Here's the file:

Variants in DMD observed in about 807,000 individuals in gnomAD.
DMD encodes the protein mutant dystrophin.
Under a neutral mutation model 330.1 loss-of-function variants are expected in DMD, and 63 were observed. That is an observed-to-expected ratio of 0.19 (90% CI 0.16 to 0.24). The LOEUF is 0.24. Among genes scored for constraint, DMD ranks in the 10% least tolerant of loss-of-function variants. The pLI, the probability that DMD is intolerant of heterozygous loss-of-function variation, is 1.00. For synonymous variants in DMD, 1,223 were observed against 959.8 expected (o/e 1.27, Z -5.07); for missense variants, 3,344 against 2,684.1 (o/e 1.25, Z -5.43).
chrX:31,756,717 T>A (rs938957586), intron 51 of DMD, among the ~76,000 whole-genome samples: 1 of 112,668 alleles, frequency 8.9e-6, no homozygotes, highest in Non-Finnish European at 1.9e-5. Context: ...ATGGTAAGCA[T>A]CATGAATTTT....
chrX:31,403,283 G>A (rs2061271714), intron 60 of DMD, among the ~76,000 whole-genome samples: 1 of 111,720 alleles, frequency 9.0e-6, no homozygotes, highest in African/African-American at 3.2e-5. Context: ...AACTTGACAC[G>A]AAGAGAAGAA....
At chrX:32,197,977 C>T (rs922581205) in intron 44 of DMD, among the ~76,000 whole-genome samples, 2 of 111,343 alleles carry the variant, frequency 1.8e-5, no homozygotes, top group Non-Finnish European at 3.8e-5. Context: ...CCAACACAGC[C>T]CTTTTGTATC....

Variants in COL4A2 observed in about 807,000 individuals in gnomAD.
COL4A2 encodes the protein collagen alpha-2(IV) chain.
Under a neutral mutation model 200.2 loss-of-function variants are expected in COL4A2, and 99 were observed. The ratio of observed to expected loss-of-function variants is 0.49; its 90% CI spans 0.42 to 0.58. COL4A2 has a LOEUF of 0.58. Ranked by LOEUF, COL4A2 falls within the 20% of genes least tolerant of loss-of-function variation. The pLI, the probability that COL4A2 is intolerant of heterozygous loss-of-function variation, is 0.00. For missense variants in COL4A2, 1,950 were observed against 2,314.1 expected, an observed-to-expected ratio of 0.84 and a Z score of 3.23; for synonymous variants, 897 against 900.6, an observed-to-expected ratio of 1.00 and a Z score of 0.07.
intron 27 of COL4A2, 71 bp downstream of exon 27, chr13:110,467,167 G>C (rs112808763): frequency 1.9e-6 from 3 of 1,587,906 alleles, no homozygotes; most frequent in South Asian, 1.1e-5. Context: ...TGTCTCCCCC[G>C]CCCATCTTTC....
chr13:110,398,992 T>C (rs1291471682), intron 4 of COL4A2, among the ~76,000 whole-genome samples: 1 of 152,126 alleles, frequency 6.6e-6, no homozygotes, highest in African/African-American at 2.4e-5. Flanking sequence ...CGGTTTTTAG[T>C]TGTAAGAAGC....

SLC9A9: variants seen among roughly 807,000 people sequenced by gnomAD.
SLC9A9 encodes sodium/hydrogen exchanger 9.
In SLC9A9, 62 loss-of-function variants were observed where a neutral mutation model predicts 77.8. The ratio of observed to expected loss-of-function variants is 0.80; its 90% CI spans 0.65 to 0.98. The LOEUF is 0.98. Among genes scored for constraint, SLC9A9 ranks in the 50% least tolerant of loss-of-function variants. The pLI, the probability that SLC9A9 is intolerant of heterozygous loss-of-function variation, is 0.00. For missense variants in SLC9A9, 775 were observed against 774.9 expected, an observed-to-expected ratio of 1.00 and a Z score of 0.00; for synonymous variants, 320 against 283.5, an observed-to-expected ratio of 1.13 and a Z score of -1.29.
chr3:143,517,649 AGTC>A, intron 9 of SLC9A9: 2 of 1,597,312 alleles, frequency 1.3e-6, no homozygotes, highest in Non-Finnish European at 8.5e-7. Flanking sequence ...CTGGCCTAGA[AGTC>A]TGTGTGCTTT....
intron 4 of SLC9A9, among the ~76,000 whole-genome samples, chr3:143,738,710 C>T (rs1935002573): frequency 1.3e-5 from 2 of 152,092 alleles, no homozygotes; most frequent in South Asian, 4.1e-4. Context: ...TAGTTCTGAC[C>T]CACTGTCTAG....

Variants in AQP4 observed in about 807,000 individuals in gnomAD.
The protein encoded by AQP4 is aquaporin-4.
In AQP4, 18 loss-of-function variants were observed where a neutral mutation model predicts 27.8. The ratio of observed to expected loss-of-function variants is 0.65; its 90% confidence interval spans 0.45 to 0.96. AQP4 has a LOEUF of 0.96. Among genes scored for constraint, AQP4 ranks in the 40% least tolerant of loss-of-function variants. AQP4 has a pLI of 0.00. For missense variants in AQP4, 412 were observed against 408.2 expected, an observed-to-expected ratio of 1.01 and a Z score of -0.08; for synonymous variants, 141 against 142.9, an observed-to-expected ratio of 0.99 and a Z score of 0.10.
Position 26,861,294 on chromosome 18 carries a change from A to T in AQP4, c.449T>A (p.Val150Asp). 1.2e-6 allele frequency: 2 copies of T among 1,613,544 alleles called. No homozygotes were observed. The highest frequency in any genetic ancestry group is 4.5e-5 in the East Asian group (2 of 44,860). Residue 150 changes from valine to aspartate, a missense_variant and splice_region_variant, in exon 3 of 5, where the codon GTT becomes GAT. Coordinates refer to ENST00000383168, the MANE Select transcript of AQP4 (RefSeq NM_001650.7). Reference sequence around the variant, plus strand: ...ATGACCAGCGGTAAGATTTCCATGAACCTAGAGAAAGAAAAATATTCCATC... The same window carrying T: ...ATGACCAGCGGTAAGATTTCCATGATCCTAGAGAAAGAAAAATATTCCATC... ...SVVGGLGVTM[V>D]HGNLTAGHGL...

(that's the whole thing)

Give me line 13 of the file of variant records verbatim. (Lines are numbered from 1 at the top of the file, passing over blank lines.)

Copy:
SLC9A9 encodes sodium/hydrogen exchanger 9.